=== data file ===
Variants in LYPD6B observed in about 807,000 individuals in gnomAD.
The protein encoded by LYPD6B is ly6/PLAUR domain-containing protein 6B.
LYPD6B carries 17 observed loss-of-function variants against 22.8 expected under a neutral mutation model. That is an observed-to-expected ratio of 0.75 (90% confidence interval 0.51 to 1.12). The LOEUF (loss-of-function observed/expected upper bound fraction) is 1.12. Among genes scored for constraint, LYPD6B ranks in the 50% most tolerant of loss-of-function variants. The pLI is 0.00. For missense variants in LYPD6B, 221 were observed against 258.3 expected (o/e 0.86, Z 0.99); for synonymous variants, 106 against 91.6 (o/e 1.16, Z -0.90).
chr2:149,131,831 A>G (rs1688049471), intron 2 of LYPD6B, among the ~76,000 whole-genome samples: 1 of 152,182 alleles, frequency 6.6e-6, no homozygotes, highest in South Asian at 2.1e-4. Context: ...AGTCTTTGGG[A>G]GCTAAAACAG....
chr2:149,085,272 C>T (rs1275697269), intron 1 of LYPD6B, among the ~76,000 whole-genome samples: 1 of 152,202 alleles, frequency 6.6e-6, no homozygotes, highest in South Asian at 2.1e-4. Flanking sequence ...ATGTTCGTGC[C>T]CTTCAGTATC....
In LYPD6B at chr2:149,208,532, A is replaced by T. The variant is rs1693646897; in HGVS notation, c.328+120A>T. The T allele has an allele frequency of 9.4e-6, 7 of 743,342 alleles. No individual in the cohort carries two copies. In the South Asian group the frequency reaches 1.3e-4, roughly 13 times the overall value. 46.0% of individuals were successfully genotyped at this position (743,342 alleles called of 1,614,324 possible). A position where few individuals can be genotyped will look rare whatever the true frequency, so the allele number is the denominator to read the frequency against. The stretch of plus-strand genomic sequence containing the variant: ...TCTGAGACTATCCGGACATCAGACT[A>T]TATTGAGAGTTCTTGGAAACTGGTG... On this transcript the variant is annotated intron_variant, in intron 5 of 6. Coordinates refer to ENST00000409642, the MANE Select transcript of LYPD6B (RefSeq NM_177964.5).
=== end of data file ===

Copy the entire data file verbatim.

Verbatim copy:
Variants in LYPD6B observed in about 807,000 individuals in gnomAD.
The protein encoded by LYPD6B is ly6/PLAUR domain-containing protein 6B.
LYPD6B carries 17 observed loss-of-function variants against 22.8 expected under a neutral mutation model. That is an observed-to-expected ratio of 0.75 (90% confidence interval 0.51 to 1.12). The LOEUF (loss-of-function observed/expected upper bound fraction) is 1.12. Among genes scored for constraint, LYPD6B ranks in the 50% most tolerant of loss-of-function variants. The pLI is 0.00. For missense variants in LYPD6B, 221 were observed against 258.3 expected (o/e 0.86, Z 0.99); for synonymous variants, 106 against 91.6 (o/e 1.16, Z -0.90).
chr2:149,131,831 A>G (rs1688049471), intron 2 of LYPD6B, among the ~76,000 whole-genome samples: 1 of 152,182 alleles, frequency 6.6e-6, no homozygotes, highest in South Asian at 2.1e-4. Context: ...AGTCTTTGGG[A>G]GCTAAAACAG....
chr2:149,085,272 C>T (rs1275697269), intron 1 of LYPD6B, among the ~76,000 whole-genome samples: 1 of 152,202 alleles, frequency 6.6e-6, no homozygotes, highest in South Asian at 2.1e-4. Flanking sequence ...ATGTTCGTGC[C>T]CTTCAGTATC....
In LYPD6B at chr2:149,208,532, A is replaced by T. The variant is rs1693646897; in HGVS notation, c.328+120A>T. The T allele has an allele frequency of 9.4e-6, 7 of 743,342 alleles. No individual in the cohort carries two copies. In the South Asian group the frequency reaches 1.3e-4, roughly 13 times the overall value. 46.0% of individuals were successfully genotyped at this position (743,342 alleles called of 1,614,324 possible). A position where few individuals can be genotyped will look rare whatever the true frequency, so the allele number is the denominator to read the frequency against. The stretch of plus-strand genomic sequence containing the variant: ...TCTGAGACTATCCGGACATCAGACT[A>T]TATTGAGAGTTCTTGGAAACTGGTG... On this transcript the variant is annotated intron_variant, in intron 5 of 6. Coordinates refer to ENST00000409642, the MANE Select transcript of LYPD6B (RefSeq NM_177964.5).